For Alexander Sprague, an employee at P.T. O'Malley's, the abandoned buildings across the street are "a huge eyesore."
“It doesn’t look good for the whole city to have a block of dilapidated buildings with nothing going on for them than a bolt across the windows," Sprague said. "I hear rumors about plans every three months or so, but nothing has happened. I’d rather it be torn down and turned into a field than have that across the street."
The view from the P.T. O’Malley’s windows is a boarded up, vandalized and disintegrating old Citizens Bank building siting at the corner of Abbot Road and West Grand River Avenue.
The old Citizens Bank, however, is one part of an ongoing saga which encompasses three parcels of land in what is referred to as East Lansing’s Park District. The two prominent buildings involved in Park District are located in the 100 block of Grand River Avenue — the Citizens Bank building and the brown and white trimmed buildings adjacent to it located at Evergreen Avenue and Abbot Road. Those buildings have fallen into disarray with little more than a skeleton, which bares only unlit neon signs and a flaking “Thai Hut” banner.
Another building, a former small apartment complex located along Evergreen Avenue, has also fallen victim to the wear and tear of a financial and redevelopment battle.
But the decade-plus battle over redevelopment has hit a new stride, which might change the fate of the city’s blighted area. This spring, the city will be tearing down the parcel they own, 303 Abbot Road, which was formerly a small bank. The rest of the properties are in violation of the codes in the dangerous building ordinances, which means the buildings could be demolished pending the outcome of hearings on March 17.
Since 2003, the properties have changed hands multiple times with proposals for development coming and going.
The two were to be torn down and developed into a multi-use complex by the Park District Investment Group, or PDIG, which bought the properties off of Scott Chappelle in 2010.
East Lansing city manager George Lahanas said the project would have included restaurants on the lower floors, a higher-end hotel in the middle and apartments and condos on the top floors.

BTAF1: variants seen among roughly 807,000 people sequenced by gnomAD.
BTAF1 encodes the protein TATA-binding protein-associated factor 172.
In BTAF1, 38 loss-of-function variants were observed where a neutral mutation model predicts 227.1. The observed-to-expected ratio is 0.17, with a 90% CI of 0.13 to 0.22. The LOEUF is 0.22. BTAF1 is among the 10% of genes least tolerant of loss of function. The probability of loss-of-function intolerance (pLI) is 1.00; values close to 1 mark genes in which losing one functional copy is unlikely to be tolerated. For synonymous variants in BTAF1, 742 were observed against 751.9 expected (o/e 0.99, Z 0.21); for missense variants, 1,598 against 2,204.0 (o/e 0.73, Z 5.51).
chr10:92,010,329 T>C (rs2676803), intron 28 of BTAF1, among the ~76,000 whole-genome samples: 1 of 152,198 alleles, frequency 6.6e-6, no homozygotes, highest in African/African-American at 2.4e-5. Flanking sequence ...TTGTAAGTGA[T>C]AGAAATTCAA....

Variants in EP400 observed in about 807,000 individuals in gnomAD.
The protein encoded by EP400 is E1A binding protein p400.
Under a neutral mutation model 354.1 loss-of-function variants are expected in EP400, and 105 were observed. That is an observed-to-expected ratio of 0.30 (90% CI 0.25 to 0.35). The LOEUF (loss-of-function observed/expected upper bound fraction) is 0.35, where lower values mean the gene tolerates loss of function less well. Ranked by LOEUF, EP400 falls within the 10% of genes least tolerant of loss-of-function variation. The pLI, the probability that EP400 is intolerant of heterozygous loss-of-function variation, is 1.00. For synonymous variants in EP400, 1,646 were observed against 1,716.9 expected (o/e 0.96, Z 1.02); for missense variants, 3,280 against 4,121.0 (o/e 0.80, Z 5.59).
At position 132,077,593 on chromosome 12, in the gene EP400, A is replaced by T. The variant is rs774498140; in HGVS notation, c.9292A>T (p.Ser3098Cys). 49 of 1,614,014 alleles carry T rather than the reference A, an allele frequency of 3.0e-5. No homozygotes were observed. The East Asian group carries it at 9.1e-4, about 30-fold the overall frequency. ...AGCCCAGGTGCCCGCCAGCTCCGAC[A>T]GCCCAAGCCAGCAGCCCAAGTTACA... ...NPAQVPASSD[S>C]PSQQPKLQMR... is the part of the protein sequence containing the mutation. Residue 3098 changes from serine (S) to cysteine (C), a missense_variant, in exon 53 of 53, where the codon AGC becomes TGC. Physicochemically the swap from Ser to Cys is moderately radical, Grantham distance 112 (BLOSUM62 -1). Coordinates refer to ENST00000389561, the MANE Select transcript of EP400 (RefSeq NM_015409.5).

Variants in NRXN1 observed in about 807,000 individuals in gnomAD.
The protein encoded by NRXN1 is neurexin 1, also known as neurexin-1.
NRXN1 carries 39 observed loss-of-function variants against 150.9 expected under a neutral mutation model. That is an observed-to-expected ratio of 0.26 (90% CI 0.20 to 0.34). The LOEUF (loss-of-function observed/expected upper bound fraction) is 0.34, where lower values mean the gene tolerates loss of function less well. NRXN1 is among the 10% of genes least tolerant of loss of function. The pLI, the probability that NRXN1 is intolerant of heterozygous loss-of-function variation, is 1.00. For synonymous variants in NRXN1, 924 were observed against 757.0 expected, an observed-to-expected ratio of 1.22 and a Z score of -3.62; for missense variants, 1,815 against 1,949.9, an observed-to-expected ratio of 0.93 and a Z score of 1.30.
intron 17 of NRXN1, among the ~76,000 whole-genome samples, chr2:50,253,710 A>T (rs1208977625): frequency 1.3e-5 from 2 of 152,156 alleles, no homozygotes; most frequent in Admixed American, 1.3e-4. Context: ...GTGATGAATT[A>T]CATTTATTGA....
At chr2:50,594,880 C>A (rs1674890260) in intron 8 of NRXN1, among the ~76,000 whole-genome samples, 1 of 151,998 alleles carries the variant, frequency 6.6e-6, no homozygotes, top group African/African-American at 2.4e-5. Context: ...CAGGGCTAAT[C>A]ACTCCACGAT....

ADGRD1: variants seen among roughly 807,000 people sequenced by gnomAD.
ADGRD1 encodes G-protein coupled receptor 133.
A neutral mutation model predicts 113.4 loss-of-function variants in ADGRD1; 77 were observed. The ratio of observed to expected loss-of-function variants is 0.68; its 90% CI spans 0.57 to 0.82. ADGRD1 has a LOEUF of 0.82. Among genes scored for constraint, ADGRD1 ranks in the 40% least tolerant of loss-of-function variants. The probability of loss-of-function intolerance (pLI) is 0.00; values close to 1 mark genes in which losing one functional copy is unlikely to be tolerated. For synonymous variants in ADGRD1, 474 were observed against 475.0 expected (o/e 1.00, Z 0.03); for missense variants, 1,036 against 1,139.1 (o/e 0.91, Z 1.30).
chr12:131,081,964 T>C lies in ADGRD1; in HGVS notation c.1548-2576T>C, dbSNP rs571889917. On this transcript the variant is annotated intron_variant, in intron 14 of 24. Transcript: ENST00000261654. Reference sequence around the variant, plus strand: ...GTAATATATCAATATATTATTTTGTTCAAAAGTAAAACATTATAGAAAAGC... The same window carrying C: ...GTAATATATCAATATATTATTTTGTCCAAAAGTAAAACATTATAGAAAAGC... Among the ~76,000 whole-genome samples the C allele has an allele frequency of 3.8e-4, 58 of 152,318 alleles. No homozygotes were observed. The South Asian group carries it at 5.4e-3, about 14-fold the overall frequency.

“It was actually supposed to be a pretty nice project,” Lahanas said. “It was going to be one big project, so the private developer was assembling land and the city was assembling land all to move into one project collaboratively. But then the project stalls and they have their land and we have our land.”
The city’s land happens to the small bank building adjacent to the Citizens Bank building. That building was used in the project put forth by PDIG and was to become an area for a parking structure connected to the hotel. The small bank building at 303 Abbot Road will be torn down this spring. A date for demolition has not been set.
Failures to pay loans by PDIG caused the buildings they held to be foreclosed on by DDR MV City Center, LLC, a real estate company located in the suburbs of Cleveland.
In a July 30, 2015 foreclosure auction, DDR won the properties when no one bid and then sold the properties to WGR Finance, a company based out of Chicago and operated by DRW Trading Group, but the selling was not without implications.
“Our understanding is that DDR conveyed the sheriff's deeds to WGR, so while WGR now has an interest in the property, it is subject to redemption by the prior owner,” deputy city manager Tim Dempsey said.
PDIG filed a lawsuit against DDR claiming the foreclosure sale was unlawful and sought to extend the redemption period to try and regain ownership of the properties it hadn’t paid loans on since 2010. DDR claims Michigan courts have no jurisdiction in the cases.